By Johan Steyn, 12 August 2021
Published by ITWeb: https://www.itweb.co.za/content/dgp45va6a437X9l8
Smart technology will greatly impact our future privacy, as our faces, the way we walk, our mannerisms and body language will be catalogued as identificational data.
Since the 1960s, a major effort has been made to train computers to “see” the human face − to build automated systems for recognising and differentiating faces − commonly referred to as facial recognition technology (FRT).
While computer engineers are working on FRT in order to create more intelligent and interactive machines, businesses and government agencies see the technology as particularly well-suited to “smart” surveillance − systems that automate the labour of monitoring in order to improve their efficacy and reach.
Corporations, law enforcement and state security agencies, all confident of the technology's usefulness and unconcerned about its intricate and potentially disastrous societal repercussions, are driving FRT.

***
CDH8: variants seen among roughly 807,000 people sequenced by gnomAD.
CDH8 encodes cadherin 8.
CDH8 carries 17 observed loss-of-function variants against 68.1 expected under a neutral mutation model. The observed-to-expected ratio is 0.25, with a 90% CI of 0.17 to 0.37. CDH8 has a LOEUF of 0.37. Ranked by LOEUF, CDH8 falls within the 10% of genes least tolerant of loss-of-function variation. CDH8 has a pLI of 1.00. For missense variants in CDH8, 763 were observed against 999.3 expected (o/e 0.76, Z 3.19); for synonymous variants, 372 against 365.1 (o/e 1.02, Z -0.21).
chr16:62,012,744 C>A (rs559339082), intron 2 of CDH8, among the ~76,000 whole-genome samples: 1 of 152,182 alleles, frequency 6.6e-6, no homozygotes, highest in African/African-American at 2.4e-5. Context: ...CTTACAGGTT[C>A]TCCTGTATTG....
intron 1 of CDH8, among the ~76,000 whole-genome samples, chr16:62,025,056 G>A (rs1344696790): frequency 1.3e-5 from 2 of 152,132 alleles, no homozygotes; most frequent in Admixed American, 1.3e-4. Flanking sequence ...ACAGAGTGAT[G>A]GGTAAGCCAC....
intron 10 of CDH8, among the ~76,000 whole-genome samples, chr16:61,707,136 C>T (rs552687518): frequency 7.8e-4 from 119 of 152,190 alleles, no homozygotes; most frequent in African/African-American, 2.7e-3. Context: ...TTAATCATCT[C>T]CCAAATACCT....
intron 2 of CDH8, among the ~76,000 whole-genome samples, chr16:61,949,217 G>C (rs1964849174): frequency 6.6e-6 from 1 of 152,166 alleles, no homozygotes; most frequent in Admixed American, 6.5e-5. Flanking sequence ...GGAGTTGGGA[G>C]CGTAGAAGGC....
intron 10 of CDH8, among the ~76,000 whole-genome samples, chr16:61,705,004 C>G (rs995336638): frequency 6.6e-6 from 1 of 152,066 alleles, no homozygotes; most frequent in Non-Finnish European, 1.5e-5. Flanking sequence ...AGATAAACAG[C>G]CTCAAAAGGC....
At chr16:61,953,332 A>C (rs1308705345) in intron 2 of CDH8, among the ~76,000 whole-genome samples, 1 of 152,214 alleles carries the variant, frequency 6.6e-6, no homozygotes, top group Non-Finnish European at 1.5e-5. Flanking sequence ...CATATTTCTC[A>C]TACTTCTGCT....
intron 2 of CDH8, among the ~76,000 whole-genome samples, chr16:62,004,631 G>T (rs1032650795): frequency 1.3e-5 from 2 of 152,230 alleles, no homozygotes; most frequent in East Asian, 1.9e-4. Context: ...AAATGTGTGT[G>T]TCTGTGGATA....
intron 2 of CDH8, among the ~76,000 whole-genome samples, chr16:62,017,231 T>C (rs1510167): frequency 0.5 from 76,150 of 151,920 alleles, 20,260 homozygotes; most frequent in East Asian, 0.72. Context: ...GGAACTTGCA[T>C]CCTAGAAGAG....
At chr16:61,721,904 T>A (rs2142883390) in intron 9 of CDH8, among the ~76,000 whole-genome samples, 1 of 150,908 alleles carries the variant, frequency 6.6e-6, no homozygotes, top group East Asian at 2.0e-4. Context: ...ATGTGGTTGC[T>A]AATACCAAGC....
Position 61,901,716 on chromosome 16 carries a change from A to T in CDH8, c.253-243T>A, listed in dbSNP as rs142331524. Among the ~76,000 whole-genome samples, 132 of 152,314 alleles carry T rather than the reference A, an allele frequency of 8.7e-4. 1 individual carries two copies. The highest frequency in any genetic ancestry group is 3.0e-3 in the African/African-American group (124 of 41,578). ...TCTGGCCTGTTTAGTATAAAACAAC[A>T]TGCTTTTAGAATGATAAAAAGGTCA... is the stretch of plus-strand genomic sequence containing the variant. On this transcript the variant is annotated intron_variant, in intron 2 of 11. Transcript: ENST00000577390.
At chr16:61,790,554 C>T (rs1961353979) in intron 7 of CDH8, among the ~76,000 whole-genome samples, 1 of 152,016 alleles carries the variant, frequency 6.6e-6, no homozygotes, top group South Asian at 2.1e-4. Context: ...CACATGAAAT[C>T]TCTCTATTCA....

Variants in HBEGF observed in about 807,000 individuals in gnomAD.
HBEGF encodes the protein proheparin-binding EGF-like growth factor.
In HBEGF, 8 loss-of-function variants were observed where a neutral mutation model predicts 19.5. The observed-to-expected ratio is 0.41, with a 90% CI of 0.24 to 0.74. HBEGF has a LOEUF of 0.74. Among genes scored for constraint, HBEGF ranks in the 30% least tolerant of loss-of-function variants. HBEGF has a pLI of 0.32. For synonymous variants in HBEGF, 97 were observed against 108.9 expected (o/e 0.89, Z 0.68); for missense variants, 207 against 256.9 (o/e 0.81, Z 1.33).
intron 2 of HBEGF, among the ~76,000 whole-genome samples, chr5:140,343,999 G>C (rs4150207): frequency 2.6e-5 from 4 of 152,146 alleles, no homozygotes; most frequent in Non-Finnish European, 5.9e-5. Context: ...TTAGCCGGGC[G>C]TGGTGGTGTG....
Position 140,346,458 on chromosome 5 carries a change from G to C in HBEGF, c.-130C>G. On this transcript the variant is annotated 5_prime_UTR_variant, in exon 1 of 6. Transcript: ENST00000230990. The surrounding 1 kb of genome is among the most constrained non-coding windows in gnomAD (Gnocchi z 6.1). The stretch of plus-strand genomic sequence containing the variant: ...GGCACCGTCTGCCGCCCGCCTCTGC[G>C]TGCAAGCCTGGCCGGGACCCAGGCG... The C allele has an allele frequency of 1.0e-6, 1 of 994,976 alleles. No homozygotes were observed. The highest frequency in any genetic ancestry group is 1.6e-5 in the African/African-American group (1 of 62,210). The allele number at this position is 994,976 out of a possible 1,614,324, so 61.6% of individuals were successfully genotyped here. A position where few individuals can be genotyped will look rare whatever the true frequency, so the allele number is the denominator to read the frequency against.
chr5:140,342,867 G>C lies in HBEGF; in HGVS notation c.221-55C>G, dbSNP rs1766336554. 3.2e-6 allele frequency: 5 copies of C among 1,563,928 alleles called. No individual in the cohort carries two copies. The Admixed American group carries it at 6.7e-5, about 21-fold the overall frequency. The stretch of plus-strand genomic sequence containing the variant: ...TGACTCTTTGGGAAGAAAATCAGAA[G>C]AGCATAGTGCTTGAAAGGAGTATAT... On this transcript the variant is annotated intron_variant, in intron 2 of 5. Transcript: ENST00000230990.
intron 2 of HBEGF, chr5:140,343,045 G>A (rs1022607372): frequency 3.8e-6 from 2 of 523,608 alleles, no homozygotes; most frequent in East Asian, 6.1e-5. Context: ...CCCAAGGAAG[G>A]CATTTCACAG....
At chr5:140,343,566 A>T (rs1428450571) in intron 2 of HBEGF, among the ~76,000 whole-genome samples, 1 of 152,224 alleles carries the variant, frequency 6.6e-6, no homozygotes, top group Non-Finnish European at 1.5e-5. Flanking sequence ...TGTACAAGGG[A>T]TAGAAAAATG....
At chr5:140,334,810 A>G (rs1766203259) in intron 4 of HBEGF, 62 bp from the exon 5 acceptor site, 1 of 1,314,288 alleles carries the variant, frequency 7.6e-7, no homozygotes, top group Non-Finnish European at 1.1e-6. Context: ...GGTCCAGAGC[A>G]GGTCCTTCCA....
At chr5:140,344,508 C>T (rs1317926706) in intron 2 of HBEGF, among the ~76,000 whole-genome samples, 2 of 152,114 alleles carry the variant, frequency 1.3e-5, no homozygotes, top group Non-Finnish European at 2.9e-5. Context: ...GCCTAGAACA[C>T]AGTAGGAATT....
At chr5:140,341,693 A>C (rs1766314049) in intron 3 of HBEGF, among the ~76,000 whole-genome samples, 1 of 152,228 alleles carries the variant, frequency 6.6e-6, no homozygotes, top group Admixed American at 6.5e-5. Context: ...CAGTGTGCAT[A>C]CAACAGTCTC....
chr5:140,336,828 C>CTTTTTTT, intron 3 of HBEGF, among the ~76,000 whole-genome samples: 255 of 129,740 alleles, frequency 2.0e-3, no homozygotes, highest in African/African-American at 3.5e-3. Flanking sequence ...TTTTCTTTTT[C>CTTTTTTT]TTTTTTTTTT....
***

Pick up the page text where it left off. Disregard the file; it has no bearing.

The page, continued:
Over the last months, we have witnessed the backlash against FRT policing, especially in the United States, leading to large-scale upheaval and protests. If there is one kind of smart technology which revealed the danger and proclivity of bias, it has been facial recognition. It is a proven fact that these algorithms struggle to accurately identify the faces of females and of people with darker skin tones.
Following protests, IBM stopped selling facial recognition products, and Amazon imposed a one-year moratorium on police use of its facial recognition technology. Amazon hoped its moratorium would provide the government with enough time to implement appropriate rules governing the technology. One might wonder if Amazon's optimism is misguided. IBM also urged for a national conversation on whether and how face recognition technology should be used by domestic law enforcement agencies.